Fantastic Beasts and Where To Find Them won't be an unfamiliar title for any true fan; it's one of the required textbooks for first-year students at Hogwarts, and a real-world version was published by Rowling in 2001.
We're keen to hear your views on the prospect of more big-screen magic from Rowling and Warner Bros, but we also want to reminisce about just how great the original film series was in its finest moments.
Here are ten of Digital Spy's highlights from the eight movies.
1. The Sorting Hat (Harry Potter and the Philosopher's Stone)
Chris Columbus's opening duo got the Potter franchise off to a somewhat shaky start, laboriously honouring the books in lieu of much flair or depth, but Harry's first steps into the Great Hall and his induction into Hogwarts is exactly the spine-tingling moment it should be on screen.
2. The Unfortunate Incident (Harry Potter and the Half-Blood Prince)
Loaded with ambiguous tension and layers of emotion that keep paying off throughout the remainder of the series, the abrupt death of Dumbledore at Snape's hand is every bit as devastating to watch as it was to read, with Michael Gambon and Alan Rickman both speaking volumes in few words. And that's not to mention the performance Tom Felton gives beforehand, in one of Malfoy's few moments of real depth.
3. Dementors on the train (Harry Potter and the Prisoner of Azkaban)
Alfonso Cuarón's entry is arguably the Potter franchise's most cinematic and visually rich, steeped in a semi-Gothic eeriness that was largely lost in later chapters. This scene, in which the Dementors – one of Rowling's most horrifying creations, which she has described as embodiments of severe depression - attack Harry on board the Hogwarts Express is utterly terrifying, heralding the franchise's first move into truly dark territory.
4. Riding the hippogriff (Harry Potter and the Prisoner of Azkaban)
Cuarón's visual flair also served the film well in lighter moments. This early airborne scene, in which Harry takes to the sky astride temperamental Hippogriff Buckbeak, showcases the new and improved landscape of Hogwarts as envisaged by Cuarón – the castle turrets, the mountains, the lake – and establishes the importance of Buckbeak, on whose fate the film's third act pivots.
5. "He's back" (Harry Potter and the Goblet of Fire)
It's fair to say that Daniel Radcliffe had a couple of shaky acting moments in the early movies, particularly when an emotional breakdown was on the cards, but this was the scene that finally sold us on his acting chops. A traumatised Harry returns to a cheering crowd, having watched Cedric Diggory (aka some guy named Robert Pattinson) slaughtered in front of him by the newly-returned Voldemort, and Radcliffe nails hysteria and shock perfectly.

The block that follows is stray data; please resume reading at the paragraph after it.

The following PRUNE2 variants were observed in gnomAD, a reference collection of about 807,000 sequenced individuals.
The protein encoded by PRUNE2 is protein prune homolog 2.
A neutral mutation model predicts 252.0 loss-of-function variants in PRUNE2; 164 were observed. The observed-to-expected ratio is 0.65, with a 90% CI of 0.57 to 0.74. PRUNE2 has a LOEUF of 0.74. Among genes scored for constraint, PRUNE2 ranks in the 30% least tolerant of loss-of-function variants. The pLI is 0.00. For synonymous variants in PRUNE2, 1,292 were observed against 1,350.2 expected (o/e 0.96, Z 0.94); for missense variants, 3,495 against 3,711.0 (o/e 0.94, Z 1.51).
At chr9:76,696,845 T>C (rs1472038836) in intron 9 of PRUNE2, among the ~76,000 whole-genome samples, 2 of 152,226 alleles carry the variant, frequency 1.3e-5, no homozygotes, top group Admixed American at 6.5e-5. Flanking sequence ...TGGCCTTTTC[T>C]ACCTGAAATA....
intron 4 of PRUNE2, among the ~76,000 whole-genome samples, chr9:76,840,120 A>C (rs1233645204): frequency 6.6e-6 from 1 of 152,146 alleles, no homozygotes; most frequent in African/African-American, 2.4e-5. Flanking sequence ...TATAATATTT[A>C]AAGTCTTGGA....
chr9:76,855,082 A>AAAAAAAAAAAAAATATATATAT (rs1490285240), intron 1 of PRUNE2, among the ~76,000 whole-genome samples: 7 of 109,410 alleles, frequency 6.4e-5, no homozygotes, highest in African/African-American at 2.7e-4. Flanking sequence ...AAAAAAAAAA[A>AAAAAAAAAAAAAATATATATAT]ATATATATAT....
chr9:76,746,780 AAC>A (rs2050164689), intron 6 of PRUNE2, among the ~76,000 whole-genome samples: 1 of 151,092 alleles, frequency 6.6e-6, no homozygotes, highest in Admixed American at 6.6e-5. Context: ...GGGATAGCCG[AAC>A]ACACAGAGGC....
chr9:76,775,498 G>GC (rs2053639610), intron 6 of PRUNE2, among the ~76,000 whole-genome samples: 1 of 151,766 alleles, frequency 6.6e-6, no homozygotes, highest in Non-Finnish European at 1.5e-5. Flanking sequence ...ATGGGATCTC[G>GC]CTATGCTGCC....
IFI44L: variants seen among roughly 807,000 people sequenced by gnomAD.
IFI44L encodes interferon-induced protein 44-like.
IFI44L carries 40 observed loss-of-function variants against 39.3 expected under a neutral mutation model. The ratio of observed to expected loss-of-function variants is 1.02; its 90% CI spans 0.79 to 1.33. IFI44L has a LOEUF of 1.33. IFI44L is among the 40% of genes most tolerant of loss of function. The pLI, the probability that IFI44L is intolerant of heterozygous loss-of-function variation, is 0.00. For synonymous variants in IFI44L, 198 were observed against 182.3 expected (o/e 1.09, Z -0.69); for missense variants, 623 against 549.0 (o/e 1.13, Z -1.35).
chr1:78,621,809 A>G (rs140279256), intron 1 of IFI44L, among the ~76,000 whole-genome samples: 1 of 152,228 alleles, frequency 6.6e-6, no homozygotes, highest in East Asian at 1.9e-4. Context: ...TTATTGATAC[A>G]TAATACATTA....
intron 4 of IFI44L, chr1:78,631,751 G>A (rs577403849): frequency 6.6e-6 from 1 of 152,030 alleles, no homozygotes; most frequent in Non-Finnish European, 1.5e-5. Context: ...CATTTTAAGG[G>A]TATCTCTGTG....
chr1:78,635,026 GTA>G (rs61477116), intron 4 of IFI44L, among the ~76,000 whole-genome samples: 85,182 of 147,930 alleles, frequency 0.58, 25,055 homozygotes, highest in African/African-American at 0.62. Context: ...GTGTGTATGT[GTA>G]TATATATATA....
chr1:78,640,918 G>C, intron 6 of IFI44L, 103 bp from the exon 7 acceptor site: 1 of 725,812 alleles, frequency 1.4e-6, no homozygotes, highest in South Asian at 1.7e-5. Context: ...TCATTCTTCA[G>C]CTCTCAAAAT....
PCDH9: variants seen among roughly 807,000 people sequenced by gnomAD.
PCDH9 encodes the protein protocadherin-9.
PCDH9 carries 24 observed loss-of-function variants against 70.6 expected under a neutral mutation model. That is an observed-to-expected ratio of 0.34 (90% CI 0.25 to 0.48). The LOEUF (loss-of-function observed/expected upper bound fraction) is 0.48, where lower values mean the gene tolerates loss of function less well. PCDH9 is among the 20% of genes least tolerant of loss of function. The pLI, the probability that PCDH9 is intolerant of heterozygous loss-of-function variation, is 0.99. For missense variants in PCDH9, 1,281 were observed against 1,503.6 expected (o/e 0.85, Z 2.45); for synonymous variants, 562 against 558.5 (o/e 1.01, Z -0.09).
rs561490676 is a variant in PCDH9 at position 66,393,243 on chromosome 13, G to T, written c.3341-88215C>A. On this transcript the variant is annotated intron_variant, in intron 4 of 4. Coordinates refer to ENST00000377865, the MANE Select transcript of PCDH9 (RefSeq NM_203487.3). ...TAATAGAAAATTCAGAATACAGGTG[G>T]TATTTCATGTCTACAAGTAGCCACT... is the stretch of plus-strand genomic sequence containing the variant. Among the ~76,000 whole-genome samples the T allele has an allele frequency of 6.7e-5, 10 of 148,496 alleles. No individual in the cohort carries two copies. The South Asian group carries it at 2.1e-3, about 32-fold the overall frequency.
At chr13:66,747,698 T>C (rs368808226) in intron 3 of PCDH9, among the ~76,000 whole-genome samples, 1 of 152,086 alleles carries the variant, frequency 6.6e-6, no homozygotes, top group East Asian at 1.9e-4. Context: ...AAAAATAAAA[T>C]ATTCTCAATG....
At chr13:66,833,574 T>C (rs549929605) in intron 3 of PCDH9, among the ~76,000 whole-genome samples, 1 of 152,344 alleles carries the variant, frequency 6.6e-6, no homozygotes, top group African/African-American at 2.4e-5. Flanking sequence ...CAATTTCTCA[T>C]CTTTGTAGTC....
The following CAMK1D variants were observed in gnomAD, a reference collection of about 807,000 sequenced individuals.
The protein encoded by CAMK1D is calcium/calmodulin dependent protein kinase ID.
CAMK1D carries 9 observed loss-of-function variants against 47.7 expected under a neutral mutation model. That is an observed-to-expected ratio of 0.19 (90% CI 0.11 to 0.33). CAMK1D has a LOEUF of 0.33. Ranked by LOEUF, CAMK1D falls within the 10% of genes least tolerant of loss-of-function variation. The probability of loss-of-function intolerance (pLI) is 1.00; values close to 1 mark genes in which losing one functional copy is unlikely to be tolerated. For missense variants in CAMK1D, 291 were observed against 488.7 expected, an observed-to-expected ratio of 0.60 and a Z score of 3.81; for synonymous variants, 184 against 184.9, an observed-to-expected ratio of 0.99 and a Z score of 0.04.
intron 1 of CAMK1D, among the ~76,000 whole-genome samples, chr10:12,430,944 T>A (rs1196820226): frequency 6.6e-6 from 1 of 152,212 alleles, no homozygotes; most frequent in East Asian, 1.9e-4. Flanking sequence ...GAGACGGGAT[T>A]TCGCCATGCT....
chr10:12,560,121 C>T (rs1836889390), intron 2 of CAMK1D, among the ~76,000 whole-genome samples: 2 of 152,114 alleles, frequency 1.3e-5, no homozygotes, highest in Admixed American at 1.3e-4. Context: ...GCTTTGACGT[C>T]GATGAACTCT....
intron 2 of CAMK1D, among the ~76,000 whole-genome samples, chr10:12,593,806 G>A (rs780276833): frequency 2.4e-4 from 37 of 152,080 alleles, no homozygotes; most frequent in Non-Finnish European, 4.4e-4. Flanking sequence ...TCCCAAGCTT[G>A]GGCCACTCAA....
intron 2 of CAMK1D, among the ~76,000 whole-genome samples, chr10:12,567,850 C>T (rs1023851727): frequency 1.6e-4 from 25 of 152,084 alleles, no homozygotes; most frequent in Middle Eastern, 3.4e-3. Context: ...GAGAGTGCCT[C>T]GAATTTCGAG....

6. Battle at the Ministry of Magic (Harry Potter and the Order of the Phoenix)
David Yates's first Potter film sees the youngsters all band together against Voldemort in a stirring moment of rebellion, and yet this climactic scene is all about the adults, with Helena Bonham Carter flexing her bats**t crazy muscle as Bellatrix for the first time, and Jason Isaacs quietly intimidating as a victorious Lucius Malfoy. But perhaps unsurprisingly it's Gary Oldman's stoical Sirius who stands out here, dignified to the end. Sniff.
7. Fighting the basilisk (Harry Potter and the Chamber of Secrets)
Probably the most memorable action set piece from either Columbus offering, Harry's battle with a mythical serpent in the bowels of Hogwarts is a satisfying final act in its own right. But what makes it stand out is the larger, darker significance it takes on later in the series. Harry uses the dead basilisk's fang to destroy a diary belonging to Tom Riddle, aka Young Voldemort, a moment that turns out to be key to his eventual destruction.
8. Millennium Bridge under attack (Harry Potter and the Half-Blood Prince)
Much of the Potter series feels timeless, which is what makes the opening action set piece of Half-Blood Prince so striking, rooted as it is in contemporary London. As pedestrians make their way across Millennium Bridge, its foundation cables are abruptly snapped by Voldemort's Death Eaters, who have taken the understatedly creepy form of black smoke. In one of the series' most impressive CGI flourishes, the bridge collapses in on itself and shatters into the Thames.
9. Harry and Hermione dance (Harry Potter and the Deathly Hallows: Part 1)
The penultimate movie gets a lot of stick for being "two hours of characters being miserable in tents", but the camping portion is just about the only point in the franchise where our characters actually get room to breathe and deepen. With the world collapsing around them and Ron AWOL, Harry and Hermione share a sweet, spontaneous moment of respite that allows them to briefly act their ages.
10. The truth about Snape (Harry Potter and the Deathly Hallows: Part 2)
"You have your mother's eyes," Snape tells a shellshocked Harry, a moment before he dies. This is a pretty tearjerking moment in itself, but the revelation of Snape's backstory with Lily, and the extent to which he has sacrificed his life to fight the good fight, is flat-out heartbreaking. We're still not on board with anyone calling their child "Albus Severus", but the scene in which Epilogue Harry describes Snape as "the bravest man he ever knew" is entirely earned in this moment.
What are your favourite moments from the Harry Potter series? Let us know in the comments below.